How long before Trump says this proves all the terrible things he’s been saying about the court clerk in his case?

  7. charontwo says:


    Followed this link:

    Seems pretty complex game for the cheating method described.

  8. Kathy says:

    As usual, Week 5 of Hell Week dawned with a promise of a bit less work, then things went sideways.

    There’s this contract we don’t want, but that the customer asked us to try to get. On paper it looks fine, until you realize there are 60+ delivery locations, and most of them are small and far from other of our customers. Meaning you may need to deliver a dozen eggs to a remote location. The logistics suck, and eat up a lot of what we get paid.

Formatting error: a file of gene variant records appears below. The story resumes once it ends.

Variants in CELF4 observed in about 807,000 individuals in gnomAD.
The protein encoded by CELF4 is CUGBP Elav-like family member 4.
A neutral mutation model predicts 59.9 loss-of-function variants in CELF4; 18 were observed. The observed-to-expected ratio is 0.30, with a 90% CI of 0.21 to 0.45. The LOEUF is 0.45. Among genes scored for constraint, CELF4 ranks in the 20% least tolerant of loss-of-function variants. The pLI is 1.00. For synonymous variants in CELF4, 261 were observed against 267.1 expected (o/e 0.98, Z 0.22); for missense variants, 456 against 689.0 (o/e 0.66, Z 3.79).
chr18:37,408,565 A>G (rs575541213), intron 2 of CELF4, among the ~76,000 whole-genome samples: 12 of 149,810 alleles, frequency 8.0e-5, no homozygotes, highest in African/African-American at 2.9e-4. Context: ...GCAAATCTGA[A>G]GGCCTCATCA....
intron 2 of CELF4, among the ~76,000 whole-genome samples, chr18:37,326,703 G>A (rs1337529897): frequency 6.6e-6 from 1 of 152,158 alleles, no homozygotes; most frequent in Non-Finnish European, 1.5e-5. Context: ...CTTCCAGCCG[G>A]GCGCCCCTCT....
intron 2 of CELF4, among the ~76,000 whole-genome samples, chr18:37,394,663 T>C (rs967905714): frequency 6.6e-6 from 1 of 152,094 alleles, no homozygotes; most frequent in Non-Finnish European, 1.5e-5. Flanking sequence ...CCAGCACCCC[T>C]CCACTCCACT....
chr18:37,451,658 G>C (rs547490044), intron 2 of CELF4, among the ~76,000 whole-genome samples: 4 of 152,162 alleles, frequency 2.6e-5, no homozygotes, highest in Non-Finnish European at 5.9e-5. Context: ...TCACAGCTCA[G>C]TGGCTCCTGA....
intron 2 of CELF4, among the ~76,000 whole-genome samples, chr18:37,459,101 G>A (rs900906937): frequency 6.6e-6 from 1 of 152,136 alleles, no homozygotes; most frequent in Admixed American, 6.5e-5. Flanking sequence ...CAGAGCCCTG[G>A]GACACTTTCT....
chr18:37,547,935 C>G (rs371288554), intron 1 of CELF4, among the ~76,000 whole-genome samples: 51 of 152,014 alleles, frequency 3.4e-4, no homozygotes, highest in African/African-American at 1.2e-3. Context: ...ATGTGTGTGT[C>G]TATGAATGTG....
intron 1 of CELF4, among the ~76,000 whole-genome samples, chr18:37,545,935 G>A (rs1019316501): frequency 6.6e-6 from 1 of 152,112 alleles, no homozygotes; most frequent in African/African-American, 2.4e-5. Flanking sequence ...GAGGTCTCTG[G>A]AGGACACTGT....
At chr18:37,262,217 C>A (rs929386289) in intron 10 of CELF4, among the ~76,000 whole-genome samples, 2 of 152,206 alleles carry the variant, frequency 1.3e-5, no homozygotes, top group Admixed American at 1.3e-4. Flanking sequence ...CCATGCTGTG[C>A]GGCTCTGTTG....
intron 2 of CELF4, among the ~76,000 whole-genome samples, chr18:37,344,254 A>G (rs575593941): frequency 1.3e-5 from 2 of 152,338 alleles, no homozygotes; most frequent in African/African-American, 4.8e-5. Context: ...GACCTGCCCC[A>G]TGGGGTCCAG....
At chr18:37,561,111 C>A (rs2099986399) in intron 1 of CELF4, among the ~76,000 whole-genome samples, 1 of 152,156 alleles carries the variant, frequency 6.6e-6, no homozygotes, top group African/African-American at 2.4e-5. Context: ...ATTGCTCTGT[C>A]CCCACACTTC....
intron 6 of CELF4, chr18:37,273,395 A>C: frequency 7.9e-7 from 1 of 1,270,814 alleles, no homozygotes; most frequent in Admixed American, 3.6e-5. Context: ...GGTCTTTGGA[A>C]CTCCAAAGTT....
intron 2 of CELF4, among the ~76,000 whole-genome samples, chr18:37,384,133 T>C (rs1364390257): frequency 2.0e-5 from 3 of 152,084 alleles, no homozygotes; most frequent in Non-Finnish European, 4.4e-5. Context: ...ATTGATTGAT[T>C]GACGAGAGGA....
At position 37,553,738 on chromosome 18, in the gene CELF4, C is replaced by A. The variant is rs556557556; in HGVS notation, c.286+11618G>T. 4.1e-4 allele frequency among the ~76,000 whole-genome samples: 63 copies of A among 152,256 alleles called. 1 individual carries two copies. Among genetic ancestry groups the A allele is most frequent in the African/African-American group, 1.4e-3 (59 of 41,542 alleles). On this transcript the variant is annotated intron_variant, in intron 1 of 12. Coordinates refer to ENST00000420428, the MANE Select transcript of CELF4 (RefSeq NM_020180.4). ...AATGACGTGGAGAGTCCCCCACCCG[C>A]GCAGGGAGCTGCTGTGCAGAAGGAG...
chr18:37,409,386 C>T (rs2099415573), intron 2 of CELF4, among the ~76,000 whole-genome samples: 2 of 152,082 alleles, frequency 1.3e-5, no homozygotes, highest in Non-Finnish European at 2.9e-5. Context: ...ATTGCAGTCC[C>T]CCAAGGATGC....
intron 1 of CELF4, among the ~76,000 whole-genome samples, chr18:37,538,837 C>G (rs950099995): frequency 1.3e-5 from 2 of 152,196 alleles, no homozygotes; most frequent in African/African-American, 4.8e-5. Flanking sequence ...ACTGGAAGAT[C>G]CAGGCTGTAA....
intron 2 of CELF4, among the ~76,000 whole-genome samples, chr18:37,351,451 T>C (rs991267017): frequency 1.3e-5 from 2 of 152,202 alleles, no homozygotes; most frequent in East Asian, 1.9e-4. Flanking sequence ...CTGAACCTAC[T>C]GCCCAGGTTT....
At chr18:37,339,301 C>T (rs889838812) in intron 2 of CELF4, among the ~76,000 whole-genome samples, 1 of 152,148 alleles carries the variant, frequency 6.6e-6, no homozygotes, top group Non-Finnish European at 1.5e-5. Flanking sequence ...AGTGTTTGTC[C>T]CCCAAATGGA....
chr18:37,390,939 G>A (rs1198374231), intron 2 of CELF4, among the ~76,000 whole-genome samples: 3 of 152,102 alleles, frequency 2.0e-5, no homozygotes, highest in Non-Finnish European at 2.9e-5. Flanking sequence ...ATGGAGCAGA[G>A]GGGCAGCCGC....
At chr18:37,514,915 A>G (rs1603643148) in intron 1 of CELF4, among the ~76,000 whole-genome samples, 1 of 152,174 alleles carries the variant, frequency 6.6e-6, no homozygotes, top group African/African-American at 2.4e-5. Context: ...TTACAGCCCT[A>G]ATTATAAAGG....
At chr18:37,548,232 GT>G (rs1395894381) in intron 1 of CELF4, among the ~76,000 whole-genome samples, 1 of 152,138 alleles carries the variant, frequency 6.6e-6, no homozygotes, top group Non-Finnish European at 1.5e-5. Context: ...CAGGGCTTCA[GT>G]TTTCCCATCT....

That’s bad enough. Worse yet, they want samples of over 125 products by Jan 2nd. Sure, they publish Tuesday, and we’ll get all those samples together by Friday on a holiday week? For delivery after a holiday weekend? We might do it if we had most of it in stock, but we don’t. This customer asks for a lot of unusual products, like flavored amaranth flour (I kid you not).

    Meantime we have to finish two other big projects we do want, with higher volumes and fewer delivery locations, and this massive project we don’t want is getting in the way.

  9. OzarkHillbilly says:

    @charontwo: Yeah, I’m not buying anything the Chinese version of Q says either.

    eta brain fart brain fart

  10. Kathy says:


    I think any cheating method that’s bizarre or outrageous, gets believed by a lot of people who know little of the game or sport in question.